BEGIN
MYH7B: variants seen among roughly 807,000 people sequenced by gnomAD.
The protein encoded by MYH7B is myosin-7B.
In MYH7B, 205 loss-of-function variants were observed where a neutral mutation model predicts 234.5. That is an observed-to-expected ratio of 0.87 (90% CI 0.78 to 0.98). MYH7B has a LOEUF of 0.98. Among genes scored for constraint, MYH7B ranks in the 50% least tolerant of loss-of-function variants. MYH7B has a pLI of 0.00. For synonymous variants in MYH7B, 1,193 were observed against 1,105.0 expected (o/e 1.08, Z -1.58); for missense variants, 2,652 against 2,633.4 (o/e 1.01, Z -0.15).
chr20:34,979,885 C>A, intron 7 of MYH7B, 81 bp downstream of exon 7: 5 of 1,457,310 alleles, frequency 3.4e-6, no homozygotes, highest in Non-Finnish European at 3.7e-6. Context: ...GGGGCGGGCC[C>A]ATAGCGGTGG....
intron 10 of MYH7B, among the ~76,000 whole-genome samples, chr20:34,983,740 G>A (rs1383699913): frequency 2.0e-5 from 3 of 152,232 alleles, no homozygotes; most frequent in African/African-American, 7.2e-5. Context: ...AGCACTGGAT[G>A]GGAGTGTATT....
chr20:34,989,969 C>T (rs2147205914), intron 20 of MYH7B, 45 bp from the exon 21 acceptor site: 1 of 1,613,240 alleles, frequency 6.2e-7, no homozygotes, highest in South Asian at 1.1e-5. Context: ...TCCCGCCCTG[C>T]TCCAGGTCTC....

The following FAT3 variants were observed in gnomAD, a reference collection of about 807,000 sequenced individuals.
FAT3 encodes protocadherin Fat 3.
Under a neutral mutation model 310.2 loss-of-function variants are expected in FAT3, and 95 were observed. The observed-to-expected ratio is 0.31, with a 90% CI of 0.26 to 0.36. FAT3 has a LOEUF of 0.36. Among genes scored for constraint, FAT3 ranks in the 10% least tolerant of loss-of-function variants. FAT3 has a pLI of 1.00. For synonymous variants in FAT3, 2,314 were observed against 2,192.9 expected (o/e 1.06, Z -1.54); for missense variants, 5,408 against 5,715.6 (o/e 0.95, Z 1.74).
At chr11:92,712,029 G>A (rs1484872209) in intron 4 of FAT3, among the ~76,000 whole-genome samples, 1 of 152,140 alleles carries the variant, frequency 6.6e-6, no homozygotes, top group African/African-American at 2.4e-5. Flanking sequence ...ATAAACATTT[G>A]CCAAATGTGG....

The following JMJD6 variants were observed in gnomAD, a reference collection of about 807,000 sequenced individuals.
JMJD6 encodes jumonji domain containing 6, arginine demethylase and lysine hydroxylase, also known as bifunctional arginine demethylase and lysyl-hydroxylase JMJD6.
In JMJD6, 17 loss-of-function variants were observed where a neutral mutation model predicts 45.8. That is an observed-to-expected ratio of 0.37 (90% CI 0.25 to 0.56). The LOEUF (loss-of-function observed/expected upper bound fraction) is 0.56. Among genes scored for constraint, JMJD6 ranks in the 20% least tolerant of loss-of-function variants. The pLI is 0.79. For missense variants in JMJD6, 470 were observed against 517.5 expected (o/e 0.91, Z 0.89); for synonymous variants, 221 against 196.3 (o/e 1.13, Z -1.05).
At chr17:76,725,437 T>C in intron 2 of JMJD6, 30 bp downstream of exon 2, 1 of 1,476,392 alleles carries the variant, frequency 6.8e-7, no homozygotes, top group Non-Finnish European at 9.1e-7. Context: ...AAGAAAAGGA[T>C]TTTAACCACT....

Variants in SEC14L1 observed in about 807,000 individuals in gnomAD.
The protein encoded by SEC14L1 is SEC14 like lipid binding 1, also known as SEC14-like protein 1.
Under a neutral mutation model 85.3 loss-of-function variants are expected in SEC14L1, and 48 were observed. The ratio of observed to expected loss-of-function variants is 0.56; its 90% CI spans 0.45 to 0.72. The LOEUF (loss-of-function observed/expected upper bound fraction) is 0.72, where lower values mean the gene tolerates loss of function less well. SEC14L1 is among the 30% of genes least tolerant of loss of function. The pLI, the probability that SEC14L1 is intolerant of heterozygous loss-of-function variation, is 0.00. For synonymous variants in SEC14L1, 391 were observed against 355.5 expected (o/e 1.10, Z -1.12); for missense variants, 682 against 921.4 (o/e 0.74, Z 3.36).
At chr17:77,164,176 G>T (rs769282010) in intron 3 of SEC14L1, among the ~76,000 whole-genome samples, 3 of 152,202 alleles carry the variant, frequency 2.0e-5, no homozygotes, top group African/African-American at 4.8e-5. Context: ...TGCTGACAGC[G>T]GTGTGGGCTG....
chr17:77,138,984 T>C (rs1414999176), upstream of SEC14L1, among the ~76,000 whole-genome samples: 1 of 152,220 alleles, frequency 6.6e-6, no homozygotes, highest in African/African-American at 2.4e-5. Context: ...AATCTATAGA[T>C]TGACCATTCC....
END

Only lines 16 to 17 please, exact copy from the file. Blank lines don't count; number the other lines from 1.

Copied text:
The protein encoded by SEC14L1 is SEC14 like lipid binding 1, also known as SEC14-like protein 1.
Under a neutral mutation model 85.3 loss-of-function variants are expected in SEC14L1, and 48 were observed. The ratio of observed to expected loss-of-function variants is 0.56; its 90% CI spans 0.45 to 0.72. The LOEUF (loss-of-function observed/expected upper bound fraction) is 0.72, where lower values mean the gene tolerates loss of function less well. SEC14L1 is among the 30% of genes least tolerant of loss of function. The pLI, the probability that SEC14L1 is intolerant of heterozygous loss-of-function variation, is 0.00. For synonymous variants in SEC14L1, 391 were observed against 355.5 expected (o/e 1.10, Z -1.12); for missense variants, 682 against 921.4 (o/e 0.74, Z 3.36).